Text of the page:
If it doesn't look yummy now, why stick it in the fridge?
From a Girl Scout leader while lost on a hike: When in doubt, take the high road.
Don't let anyone take pictures of you naked.
And no matter how much you feel like leaving with nothing but the clothes on your back, do take the pots. (Love may fade, but cast iron is forever.)
The Boston Globe columnist Ellen Goodman, who didn't remember what Adlai Stevenson told Radcliffe grads in 1963 until she looked it up in preparation for her 50th reunion this week, said it actually was quite a remarkable speech.
Stevenson addressed a class that, just a month after the publication of Betty Friedan's "Feminine Mystique," was "the first to receive the message that we were the elite women who could write the Great American Novel while the children were napping," Goodman said.
In one way, it was ahead of its time, asking whether graduates would soon turn from "scholar to slave" while changing diapers. Yet in another way Stevenson, too, was a product of his time, praising Radcliffe for allowing students "to carry on their scholastic and professional interests part-time to prepare for greater participation in the post-domestic years."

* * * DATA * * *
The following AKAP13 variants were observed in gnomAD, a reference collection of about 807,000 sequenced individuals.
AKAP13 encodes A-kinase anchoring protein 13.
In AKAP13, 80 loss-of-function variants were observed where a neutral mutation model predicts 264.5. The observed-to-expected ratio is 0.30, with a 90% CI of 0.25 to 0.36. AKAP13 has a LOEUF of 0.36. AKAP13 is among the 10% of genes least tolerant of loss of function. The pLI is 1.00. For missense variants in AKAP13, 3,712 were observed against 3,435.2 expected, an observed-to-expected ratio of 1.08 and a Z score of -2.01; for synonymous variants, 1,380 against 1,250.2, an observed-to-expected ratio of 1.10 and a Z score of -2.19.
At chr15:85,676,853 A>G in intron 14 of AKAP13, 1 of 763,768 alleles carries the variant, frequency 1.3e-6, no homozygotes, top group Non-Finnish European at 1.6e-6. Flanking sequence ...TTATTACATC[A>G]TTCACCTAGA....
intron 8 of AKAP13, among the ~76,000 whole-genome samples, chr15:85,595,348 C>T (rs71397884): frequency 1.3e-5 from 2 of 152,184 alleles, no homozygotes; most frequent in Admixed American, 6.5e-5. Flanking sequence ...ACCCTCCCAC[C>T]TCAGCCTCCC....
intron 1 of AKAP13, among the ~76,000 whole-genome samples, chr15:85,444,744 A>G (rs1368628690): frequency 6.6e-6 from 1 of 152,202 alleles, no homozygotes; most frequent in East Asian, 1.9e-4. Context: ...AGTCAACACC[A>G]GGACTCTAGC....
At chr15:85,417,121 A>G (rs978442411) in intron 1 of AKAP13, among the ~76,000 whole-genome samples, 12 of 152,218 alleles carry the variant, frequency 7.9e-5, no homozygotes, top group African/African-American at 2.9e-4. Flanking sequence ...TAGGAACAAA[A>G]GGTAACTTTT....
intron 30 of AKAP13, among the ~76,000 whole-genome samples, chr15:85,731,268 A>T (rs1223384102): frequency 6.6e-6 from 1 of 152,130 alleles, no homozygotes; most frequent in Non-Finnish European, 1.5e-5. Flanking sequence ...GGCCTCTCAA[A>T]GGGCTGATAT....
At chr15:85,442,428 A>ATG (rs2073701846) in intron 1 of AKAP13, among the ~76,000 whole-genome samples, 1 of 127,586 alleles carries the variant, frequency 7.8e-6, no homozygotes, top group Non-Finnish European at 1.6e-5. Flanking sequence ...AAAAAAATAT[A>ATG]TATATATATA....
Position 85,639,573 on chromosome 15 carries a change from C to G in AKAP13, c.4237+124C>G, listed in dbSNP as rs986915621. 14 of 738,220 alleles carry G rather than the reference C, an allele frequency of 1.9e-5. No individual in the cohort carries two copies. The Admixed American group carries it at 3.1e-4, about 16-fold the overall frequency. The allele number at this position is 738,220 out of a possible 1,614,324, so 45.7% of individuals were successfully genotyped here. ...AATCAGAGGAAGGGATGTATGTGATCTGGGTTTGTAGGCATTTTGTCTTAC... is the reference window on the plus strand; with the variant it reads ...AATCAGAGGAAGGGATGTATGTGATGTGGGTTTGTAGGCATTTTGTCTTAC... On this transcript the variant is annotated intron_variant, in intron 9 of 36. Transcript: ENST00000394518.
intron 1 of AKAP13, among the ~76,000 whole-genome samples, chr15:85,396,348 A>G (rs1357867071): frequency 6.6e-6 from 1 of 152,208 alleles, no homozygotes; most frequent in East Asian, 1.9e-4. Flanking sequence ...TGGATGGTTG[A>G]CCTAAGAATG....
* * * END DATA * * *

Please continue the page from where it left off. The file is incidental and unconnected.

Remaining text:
"Throw another hero on the fire," Goodman joked.
In the years that followed, the best advice she didn't take, she says, was just this: Wear flats.
Elizabeth Drew, who believes her graduation speaker at Wellesley was "some banker," says one of her favorite pearls came from William Shawn, "the justly legendary editor of the New Yorker, as I was struggling to decide what to say in the introduction to my first book, on Watergate:
"Let it go, Elizabeth; the last decision you make isn't necessarily the best decision, it's just the last decision."
So many of my best nudges in the right direction came from my college writing teacher and friend Elizabeth Christman:
The passive voice is the enemy.
There will be time enough.
Deciding is the hard part; the rest is just work.
No extraneous words.
"Middlemarch" is the best book written in English.
Soon you will be happy to be referred to as girls.
My father still quotes his father: "Don't quit in the chasm; keep on." And as per my mom, who has nearly always had the last word, everybody looks better in nylons and a little foundation.
Henneberger is a Washington Post political writer and She the People anchor who has spent the last semester at the Harvard Kennedy School's Shorenstein Center. Follow her on Twitter at @MelindaDC.